On Monday, 15th November, Canadians in Quebec Province will elect a new government. Opinion polls?
CUs Newspaper reports and opinion poll posters (5 shots)
GV Quebec Party headquarters (2 shots)
CU Rene Levesque speaking to reporter
MVs Posters outside Union Nationale headquarters (4 shots)
CU Rodrigue Brion speaking to newsmen
GV Liberal Party headquarters (2 shots)
MV Premier Robert Bourassa speaks to Canada Club members (5 shots)
MURRAY: "The next war of the polls has heated up again. Today's contradictory results from the province's leading poll holding houses isn't surprising. Last spring they also got out simultaneous polls showing equally conflicting results. One reason this time may be the large number of undecided voters. Over 30 per cent. Less than 10 days before the election. But whether first or second the Parti Quebecois is very strong and Rene Levesque underlined the corollary. The Liberals are slipping badly.
LEVESQUE: "The (indistinct) is at the kind of absurd majority of 73 that I think was to blow us up and the government have abused shamelessly. That's one thing we won't see this year and that's very good."
MURRAY: "One thing the two polls do agree on is the strong resurgence of the Union Nationale. From less than five per cent in 1973 it's moved to ten per cent and its vote seems to be growing."
RODRIGUE BIRON: "This gallup pool has been made about ten days ago and before the beginning of the campaign -- before Mr. Bourassa changed his mind on Bill 22, and it was the only thing that we were expecting at the beginning of the campaign but it's proved that only Union Nationale is coming up, all the other parties are going down. So that's very interesting and if you make a gallup poll today you'll see a lot of difference because we are the party who goes up right now."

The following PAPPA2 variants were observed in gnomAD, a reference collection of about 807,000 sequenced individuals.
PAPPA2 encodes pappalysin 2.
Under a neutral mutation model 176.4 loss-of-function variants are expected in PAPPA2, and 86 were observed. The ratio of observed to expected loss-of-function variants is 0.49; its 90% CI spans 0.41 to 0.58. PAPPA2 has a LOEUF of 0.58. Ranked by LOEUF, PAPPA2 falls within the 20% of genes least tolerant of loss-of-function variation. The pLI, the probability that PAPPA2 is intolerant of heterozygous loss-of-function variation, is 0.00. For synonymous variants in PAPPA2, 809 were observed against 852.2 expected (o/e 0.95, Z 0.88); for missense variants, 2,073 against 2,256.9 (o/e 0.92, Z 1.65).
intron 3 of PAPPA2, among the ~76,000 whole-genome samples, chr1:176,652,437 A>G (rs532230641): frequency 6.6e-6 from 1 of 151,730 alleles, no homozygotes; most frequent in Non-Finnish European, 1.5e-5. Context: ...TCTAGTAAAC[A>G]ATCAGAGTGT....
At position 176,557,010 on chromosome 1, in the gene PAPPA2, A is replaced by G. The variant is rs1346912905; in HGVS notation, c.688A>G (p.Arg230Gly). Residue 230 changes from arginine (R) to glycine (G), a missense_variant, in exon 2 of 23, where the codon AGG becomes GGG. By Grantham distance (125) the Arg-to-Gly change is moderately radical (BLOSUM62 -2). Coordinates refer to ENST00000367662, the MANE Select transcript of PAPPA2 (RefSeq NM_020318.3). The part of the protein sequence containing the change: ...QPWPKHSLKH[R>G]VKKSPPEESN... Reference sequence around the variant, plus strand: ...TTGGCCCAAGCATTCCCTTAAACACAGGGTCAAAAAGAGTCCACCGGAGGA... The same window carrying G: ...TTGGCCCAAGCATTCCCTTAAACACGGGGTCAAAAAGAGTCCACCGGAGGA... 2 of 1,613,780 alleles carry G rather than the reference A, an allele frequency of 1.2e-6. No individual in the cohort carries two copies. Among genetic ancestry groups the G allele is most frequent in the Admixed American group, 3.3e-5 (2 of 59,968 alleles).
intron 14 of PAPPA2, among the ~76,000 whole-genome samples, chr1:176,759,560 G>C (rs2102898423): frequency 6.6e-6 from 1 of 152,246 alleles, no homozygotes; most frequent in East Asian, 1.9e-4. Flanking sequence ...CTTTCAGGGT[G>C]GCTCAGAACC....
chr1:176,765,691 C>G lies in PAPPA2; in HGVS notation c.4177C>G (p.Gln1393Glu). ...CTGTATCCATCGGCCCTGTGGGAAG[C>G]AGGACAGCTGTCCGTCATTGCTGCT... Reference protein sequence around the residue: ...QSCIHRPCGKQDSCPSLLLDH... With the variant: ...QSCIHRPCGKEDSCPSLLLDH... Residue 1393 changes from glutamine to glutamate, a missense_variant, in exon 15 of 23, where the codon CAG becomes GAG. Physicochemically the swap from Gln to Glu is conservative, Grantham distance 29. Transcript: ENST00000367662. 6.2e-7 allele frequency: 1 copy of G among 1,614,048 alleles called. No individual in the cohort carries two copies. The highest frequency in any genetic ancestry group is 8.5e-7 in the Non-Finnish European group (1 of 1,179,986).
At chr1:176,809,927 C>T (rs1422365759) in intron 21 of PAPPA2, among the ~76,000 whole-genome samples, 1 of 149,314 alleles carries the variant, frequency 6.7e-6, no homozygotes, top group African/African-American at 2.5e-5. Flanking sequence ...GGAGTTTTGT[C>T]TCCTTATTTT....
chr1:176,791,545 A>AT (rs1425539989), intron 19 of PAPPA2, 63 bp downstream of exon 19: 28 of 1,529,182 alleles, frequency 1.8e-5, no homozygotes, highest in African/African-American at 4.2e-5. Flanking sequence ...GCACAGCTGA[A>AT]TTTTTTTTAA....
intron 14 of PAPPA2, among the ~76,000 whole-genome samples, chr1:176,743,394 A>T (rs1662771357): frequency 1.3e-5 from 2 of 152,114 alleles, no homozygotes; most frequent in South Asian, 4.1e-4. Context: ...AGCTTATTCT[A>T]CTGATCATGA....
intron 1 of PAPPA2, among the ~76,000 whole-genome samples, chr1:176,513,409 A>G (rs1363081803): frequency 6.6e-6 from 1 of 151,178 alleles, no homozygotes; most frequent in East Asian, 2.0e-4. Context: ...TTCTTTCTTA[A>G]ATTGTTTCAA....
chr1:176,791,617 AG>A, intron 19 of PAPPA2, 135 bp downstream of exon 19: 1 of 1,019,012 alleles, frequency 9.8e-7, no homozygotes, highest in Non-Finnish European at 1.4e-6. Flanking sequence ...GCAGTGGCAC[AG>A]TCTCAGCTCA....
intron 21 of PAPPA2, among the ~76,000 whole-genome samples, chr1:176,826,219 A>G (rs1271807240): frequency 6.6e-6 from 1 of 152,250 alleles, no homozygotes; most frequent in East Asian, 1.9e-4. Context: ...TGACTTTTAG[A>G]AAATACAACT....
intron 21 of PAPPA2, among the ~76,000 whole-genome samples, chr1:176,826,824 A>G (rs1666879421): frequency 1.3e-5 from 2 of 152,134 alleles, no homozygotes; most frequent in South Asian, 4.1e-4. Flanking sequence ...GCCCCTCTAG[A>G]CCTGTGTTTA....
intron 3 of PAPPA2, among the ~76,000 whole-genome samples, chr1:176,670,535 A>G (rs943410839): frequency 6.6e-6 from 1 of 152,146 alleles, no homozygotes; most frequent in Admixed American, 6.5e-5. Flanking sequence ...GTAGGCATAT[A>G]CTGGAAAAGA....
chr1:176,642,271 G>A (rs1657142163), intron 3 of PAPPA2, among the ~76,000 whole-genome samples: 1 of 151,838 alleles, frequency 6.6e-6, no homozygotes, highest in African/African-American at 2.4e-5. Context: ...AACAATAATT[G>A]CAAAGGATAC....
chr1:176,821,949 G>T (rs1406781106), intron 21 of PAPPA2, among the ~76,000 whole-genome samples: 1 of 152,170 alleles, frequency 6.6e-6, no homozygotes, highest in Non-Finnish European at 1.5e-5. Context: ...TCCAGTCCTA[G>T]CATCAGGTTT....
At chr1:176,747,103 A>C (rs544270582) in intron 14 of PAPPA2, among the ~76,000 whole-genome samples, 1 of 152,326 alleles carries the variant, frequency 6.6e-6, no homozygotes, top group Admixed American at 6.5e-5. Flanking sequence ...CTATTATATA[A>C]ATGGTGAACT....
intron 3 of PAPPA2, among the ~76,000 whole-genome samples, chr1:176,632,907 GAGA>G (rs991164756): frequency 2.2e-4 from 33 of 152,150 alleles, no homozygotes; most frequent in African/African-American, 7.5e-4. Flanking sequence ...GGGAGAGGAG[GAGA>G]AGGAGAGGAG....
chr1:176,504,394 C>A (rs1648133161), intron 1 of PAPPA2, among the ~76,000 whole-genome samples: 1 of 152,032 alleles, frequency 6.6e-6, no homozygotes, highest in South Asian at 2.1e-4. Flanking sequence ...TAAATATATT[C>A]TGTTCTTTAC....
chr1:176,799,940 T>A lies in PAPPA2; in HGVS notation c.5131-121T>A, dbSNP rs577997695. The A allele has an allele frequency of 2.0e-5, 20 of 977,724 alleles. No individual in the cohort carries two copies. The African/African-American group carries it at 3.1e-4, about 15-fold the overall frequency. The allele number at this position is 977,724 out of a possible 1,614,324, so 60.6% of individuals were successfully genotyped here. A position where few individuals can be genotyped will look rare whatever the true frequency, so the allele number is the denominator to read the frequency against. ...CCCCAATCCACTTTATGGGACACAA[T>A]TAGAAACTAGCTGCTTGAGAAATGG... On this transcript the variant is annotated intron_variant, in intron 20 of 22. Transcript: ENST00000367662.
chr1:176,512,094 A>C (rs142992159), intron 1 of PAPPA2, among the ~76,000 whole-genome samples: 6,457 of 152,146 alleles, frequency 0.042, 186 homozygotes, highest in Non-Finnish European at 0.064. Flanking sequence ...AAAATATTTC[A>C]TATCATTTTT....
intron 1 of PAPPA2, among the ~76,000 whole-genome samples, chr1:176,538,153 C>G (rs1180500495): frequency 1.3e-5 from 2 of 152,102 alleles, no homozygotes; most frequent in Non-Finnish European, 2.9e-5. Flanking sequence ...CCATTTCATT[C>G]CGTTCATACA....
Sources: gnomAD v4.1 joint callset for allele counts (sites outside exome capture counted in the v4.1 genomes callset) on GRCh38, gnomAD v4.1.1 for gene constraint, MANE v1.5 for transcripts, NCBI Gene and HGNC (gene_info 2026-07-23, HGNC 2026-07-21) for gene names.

MURRAY: "The Liberal reaction was short and stoic. The poll, that really counts, said a spokesman, is the one of November the 15th."
BALZAY: "Bourassa spoke to the Canadian Club in Montreal as part of the Liberal establishment. But even here the premier was on the defensive. To justify his language legislation Bill 22 Bourassa asked English speaking Quebecers to remember the sixties when there were bombs in the mailboxes. He said his government had eliminated political violence by promoting the French voter. He said if Bill 22 were abolished there would be more extremism. Bourassa said the next few days are perhaps the most important for the future of Canada, for a vote for the Parti Quebecois wold be a vote to break up the country."
DON MURRAY/DAVID BALZAY
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Background: On Monday, 15th November, Canadians in Quebec Province will elect a new government. Opinion polls have the two main parties -- the ruling Liberals and the Parti Quebecois neck and neck in popularity. The Union Nationale -- which gained only five per cent of the vote in 1973, has increased its possible vote to 10 per cent of the population. Liberal leader, Premier Robert Bourassa, wasn't commenting on the polls when he spoke to the Canada Club this week but his opponents, Parti Quebecois leader, Rene Levesque, and Union Nationale leader, Rodrigue Biron weren't so reticent. Don Murry and David Balzay report.